Having lived in Southern California for 50 years of my life, 20 years in the high desert, high wind was not uncommon and at times a daily occurrence. Driving into the area, you could feel your car pulling to the one direction or another as you transitioned from a hillside area protecting you from the winds to an open area just from the intensity of high winds. These winds are commonly in excess of 25 mph but, during storms, 50 to 70 mph is not unusual.
Then there is the Santa Ana wind condition. During this condition, strong winds move from the desert to the coastal region and actually blow LA’s smog over the water. These winds can equal, as they are now doing, the intensity those who live in the desert experience on a regular basis.
In 1994 President Clinton, under pressure from environmentalists, implemented a plan to limit logging to protect the endangered Spotted Owl (which made the news when it was found nesting in a Kmart sign). California doubled down on this, leaving forests to deteriorate (rot) naturally. This created a “fuel storage” area in forests ready to explode in fire — and that is how fast these can and do move with the winds.
Then we have fires occurring often in California. Why? Former Governor Jerry Brown rushed the press to blame the fires on, yes, global warming. He noted that “Managing all the forests everywhere we can does not stop climate change” and “those that deny that are definitely contributing to the tragedies we are now witnessing”…
Additionally, there have been an astronomical (approx. 1000%) increase in housing, much built in the formerly beautiful outskirts where they built in amongst the trees and nature’s beauty. Each fire season, we see homes destroyed and we often see one home “saved” because the homeowner broke the law and cleared the area around their home of underbrush and trees.
So why manage forests? In 2005, the Western Governors Association warned that, “Over time the fire-prone forests that were NOT thinned, burn in uncharacteristically destructive wildfires, and the resulting loss of forest carbon is much greater than if the forest had been thinned before the fire moved through.” Add to that less destruction of personal property and loss of life.
While I am officially considered a “global warming denier,” I believe we need to protect our natural environment and the property and lives of Americans. Additionally, the cost of fighting these fires costs us a lot of money that could be used for education and other priorities.
Some of the fires, we see now, were initiated by Pacific Gas and Electric lines. PG&E is a private utility company totally under the thumb of state and county regulators. Their wires, obviously in a condition that for the first time in many decades could no longer withstand the winds, needed upgrading. The sparks combined with wind level higher than typical in this area, dry timber, uncleared dry underbrush, and yes, warm summer temperatures, resulted in this tragedy.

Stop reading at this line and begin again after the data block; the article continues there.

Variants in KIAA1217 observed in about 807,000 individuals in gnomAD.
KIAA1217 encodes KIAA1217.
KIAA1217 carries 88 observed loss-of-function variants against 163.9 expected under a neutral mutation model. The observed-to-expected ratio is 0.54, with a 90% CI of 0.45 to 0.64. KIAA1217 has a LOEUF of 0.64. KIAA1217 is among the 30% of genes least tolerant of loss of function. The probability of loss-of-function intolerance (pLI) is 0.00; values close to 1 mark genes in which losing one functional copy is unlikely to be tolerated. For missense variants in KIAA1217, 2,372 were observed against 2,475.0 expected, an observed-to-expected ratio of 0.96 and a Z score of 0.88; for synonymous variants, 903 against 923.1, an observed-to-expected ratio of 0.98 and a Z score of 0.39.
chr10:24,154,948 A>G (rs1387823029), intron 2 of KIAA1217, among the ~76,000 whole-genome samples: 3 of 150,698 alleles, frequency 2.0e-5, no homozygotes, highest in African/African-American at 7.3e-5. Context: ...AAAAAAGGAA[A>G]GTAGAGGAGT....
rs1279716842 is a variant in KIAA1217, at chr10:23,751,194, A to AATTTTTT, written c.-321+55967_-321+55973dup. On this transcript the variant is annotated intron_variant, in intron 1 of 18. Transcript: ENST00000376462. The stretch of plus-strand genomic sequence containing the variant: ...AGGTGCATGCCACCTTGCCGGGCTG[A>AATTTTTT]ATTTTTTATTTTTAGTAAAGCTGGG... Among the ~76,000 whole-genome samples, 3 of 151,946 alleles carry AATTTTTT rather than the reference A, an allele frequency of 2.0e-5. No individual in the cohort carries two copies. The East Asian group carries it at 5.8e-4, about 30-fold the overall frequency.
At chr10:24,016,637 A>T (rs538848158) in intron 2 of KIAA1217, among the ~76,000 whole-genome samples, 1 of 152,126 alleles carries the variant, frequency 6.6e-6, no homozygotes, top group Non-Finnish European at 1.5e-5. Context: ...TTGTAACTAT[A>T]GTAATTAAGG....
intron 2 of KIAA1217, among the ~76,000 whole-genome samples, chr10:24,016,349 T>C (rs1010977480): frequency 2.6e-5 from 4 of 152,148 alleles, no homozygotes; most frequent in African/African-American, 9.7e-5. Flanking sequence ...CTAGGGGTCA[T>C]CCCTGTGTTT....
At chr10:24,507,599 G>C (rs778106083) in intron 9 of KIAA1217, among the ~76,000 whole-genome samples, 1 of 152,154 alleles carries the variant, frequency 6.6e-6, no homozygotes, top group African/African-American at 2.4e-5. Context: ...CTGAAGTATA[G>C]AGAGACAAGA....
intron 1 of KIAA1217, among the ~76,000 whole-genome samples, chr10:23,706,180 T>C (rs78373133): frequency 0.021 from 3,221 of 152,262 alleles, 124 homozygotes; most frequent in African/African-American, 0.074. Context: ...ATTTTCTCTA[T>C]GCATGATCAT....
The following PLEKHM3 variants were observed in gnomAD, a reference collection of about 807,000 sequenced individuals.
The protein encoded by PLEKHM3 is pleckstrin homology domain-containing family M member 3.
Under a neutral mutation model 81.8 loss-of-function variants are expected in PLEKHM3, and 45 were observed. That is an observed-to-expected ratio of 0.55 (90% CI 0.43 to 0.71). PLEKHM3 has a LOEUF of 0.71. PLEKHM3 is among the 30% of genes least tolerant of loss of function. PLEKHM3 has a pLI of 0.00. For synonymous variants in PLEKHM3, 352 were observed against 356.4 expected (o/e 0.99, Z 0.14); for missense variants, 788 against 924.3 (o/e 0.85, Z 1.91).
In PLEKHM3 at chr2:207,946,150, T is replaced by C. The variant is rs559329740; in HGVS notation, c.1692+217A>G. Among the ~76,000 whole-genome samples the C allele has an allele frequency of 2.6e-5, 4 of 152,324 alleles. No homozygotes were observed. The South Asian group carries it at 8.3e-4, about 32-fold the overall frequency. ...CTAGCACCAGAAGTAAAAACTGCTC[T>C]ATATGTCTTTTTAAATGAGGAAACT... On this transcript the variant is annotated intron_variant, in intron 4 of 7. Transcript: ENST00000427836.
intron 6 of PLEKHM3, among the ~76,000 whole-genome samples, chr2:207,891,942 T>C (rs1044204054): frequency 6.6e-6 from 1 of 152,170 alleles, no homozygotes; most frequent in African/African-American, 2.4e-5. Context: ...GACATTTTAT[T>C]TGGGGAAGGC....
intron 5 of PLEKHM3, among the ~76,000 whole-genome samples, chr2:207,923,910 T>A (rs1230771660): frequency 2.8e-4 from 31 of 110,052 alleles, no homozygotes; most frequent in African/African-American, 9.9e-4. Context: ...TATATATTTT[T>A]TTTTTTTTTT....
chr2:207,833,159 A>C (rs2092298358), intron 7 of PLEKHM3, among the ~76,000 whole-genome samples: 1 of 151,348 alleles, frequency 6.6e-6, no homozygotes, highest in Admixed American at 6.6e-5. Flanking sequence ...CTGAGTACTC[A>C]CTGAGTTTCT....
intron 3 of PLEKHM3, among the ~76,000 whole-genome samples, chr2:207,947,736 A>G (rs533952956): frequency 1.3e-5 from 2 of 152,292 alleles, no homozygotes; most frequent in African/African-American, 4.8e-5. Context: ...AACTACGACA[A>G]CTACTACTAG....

While PG&E became the scapegoat along with global warming, and global warming deniers, the one missing element in the blame game is the political forces that restrict the entire system. A few years ago, PG&E requested permission (from the government regulators) for a $6 billion loan to upgrade its system. They were told the loan would be approved if they would declare bankruptcy. Basically, PG&E was often just a pawn of the politicians, most of whom knew nothing about delivering power safely. Amazing.
So, former Governor Brown has the end-all solution … “we need to shift the weather to where it historically was … 10,000 years ago” I really didn’t know how old he was.
Environmentalists tell us this is what global warming looks like. No. This is what political micro-management looks like. While billions were not afforded to PG&E to fix known infrastructure issues, politicians found billions to spend on subsidizing wind mills and solar panels, and private solar panels on homes and businesses, and to subsidize the purchase of expensive electric vehicles and a failed and useless high-speed rail.
The oddity is government is encouraging people to own electric cars. At the same time, a power company is turning off the very power needed to recharge their cars so they would be able to use them, if needed, to evacuate.